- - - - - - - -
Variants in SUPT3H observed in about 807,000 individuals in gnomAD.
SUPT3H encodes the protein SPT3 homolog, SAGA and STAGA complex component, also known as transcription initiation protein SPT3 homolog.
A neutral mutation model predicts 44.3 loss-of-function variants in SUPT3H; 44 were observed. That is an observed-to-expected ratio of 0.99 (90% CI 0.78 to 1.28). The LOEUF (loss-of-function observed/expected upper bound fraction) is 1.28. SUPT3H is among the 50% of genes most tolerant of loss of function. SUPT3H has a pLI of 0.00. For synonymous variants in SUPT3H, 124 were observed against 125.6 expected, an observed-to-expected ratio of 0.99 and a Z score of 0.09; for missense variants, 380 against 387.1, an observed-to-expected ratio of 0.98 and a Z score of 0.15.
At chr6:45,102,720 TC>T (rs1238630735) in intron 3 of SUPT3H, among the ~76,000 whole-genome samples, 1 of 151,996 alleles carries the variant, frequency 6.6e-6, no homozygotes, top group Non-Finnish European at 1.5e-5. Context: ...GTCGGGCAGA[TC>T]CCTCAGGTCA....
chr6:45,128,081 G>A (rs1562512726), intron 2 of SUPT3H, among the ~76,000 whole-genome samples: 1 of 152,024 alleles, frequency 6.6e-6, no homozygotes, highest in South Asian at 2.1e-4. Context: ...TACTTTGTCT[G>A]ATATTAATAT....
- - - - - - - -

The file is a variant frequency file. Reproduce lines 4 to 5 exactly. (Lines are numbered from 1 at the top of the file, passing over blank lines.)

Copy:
At chr6:45,102,720 TC>T (rs1238630735) in intron 3 of SUPT3H, among the ~76,000 whole-genome samples, 1 of 151,996 alleles carries the variant, frequency 6.6e-6, no homozygotes, top group Non-Finnish European at 1.5e-5. Context: ...GTCGGGCAGA[TC>T]CCTCAGGTCA....
chr6:45,128,081 G>A (rs1562512726), intron 2 of SUPT3H, among the ~76,000 whole-genome samples: 1 of 152,024 alleles, frequency 6.6e-6, no homozygotes, highest in South Asian at 2.1e-4. Context: ...TACTTTGTCT[G>A]ATATTAATAT....